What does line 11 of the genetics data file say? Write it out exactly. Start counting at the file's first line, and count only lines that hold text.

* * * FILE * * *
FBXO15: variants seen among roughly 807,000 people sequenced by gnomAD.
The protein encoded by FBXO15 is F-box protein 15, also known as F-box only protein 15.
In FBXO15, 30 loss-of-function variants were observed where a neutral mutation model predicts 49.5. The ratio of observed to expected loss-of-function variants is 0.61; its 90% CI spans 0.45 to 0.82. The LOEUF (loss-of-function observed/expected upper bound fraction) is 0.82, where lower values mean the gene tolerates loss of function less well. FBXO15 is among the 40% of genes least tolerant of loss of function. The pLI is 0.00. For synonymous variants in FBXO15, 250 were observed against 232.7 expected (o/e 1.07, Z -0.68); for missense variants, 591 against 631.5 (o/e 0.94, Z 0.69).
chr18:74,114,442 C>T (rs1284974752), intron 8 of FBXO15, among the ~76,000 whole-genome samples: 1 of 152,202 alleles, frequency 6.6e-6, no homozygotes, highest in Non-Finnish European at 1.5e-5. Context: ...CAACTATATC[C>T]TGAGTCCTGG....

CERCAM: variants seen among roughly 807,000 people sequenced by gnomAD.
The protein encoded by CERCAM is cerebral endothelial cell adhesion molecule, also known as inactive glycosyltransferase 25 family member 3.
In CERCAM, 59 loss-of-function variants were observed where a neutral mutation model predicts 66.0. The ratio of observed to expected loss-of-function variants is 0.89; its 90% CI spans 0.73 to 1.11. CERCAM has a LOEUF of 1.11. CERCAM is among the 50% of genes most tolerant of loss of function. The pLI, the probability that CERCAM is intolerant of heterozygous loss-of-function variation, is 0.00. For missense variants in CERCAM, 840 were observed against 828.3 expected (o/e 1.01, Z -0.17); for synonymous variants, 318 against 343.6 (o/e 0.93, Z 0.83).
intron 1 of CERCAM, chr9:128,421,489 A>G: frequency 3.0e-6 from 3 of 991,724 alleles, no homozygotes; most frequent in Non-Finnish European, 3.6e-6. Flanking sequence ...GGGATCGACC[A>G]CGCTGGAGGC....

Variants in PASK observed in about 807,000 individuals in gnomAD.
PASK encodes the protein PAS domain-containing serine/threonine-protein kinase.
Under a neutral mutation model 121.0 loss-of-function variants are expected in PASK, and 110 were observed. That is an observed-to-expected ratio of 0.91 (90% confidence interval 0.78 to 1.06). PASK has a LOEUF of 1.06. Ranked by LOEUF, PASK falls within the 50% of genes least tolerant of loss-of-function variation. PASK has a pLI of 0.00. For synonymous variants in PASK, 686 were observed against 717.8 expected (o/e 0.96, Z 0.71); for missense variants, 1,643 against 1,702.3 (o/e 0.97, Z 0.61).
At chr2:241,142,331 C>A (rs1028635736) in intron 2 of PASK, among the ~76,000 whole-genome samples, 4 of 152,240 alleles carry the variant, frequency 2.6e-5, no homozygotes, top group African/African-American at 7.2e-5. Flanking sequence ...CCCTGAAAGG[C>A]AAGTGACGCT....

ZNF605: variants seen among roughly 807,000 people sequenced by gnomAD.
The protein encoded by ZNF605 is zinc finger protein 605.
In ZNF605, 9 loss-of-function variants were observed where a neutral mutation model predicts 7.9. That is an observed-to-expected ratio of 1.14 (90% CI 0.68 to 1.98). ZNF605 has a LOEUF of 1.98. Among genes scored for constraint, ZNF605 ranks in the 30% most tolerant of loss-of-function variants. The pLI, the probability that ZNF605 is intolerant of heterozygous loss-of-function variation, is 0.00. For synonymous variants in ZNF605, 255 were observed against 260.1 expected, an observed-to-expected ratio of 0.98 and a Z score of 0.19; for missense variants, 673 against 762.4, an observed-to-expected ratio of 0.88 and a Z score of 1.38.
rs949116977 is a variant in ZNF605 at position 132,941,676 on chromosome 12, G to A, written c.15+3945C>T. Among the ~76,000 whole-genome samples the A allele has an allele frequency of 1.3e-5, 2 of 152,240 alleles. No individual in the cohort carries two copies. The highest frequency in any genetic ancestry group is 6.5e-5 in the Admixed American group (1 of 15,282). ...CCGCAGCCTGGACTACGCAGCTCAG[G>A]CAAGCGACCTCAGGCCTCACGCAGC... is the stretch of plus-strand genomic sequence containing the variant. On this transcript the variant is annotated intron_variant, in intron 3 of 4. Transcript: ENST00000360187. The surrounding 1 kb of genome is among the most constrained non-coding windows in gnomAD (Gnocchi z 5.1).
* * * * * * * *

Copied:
Under a neutral mutation model 121.0 loss-of-function variants are expected in PASK, and 110 were observed. That is an observed-to-expected ratio of 0.91 (90% confidence interval 0.78 to 1.06). PASK has a LOEUF of 1.06. Ranked by LOEUF, PASK falls within the 50% of genes least tolerant of loss-of-function variation. PASK has a pLI of 0.00. For synonymous variants in PASK, 686 were observed against 717.8 expected (o/e 0.96, Z 0.71); for missense variants, 1,643 against 1,702.3 (o/e 0.97, Z 0.61).